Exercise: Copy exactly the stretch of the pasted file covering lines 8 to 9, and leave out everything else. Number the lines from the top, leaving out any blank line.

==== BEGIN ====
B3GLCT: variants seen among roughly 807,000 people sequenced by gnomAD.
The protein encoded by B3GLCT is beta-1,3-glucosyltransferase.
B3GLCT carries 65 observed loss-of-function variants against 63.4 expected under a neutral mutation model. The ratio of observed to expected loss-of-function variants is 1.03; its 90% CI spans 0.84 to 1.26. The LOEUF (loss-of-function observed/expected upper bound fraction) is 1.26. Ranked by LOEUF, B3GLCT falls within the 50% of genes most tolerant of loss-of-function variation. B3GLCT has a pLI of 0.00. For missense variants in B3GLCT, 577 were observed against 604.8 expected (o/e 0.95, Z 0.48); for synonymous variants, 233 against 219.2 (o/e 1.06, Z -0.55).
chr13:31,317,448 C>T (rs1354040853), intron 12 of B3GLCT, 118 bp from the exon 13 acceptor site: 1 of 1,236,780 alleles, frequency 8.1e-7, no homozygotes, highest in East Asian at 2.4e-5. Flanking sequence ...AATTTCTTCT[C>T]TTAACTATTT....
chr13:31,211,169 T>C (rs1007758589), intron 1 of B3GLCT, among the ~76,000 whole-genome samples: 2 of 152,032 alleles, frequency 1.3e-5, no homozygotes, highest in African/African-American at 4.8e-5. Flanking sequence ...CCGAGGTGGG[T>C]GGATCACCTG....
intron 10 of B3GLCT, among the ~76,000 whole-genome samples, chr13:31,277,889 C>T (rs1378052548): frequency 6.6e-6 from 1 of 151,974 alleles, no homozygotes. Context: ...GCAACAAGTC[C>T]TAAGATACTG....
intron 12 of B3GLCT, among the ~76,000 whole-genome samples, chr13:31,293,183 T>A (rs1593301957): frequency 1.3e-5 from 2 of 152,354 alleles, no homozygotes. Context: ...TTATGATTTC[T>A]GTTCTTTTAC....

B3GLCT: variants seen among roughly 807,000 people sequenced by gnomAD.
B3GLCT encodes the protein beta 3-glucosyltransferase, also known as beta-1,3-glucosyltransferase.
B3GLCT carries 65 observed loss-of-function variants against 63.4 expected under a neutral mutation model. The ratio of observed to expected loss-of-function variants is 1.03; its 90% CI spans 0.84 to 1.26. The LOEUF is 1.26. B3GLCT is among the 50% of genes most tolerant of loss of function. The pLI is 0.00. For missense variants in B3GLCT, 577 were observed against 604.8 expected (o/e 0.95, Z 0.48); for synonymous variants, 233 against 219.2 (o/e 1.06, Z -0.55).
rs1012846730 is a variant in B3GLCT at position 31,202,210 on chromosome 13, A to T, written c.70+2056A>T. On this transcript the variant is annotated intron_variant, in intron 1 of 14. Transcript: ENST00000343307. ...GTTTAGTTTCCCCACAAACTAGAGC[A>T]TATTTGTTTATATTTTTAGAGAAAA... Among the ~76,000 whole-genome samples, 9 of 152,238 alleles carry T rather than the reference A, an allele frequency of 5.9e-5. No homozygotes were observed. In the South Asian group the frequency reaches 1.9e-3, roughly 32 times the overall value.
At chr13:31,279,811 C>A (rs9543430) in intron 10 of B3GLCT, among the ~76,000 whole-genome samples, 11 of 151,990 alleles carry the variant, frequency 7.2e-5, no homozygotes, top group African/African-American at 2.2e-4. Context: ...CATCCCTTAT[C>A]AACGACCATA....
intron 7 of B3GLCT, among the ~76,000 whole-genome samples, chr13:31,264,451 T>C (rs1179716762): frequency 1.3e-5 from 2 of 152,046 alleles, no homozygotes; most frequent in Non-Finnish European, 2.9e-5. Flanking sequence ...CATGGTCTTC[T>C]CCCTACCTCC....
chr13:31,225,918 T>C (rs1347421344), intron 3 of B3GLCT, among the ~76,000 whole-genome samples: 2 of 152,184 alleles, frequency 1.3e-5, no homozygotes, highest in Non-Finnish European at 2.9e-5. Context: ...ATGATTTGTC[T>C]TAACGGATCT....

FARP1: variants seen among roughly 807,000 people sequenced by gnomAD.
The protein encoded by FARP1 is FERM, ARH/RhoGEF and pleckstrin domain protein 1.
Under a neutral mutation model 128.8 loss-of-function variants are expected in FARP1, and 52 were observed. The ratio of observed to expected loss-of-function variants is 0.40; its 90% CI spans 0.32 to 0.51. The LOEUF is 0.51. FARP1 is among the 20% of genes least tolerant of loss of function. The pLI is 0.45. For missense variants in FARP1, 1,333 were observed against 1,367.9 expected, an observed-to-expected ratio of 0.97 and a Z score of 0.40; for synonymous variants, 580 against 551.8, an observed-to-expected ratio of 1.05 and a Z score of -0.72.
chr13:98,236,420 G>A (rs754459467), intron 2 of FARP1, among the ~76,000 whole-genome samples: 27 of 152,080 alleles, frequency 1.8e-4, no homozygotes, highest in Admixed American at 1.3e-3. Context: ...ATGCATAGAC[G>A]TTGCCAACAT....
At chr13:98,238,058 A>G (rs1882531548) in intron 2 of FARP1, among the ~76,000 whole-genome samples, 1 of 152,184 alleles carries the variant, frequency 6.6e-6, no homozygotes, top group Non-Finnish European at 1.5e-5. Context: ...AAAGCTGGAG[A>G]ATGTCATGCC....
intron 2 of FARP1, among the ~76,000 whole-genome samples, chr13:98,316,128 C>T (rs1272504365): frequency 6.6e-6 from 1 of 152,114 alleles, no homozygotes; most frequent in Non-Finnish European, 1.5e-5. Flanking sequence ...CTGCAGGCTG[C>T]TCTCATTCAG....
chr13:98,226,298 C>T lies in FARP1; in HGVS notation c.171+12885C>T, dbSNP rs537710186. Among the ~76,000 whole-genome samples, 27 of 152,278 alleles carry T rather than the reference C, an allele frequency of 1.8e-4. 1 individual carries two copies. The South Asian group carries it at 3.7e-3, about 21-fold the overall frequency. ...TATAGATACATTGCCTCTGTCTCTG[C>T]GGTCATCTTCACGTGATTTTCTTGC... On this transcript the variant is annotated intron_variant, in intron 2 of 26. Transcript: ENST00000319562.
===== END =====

B3GLCT: variants seen among roughly 807,000 people sequenced by gnomAD.
B3GLCT encodes the protein beta 3-glucosyltransferase, also known as beta-1,3-glucosyltransferase.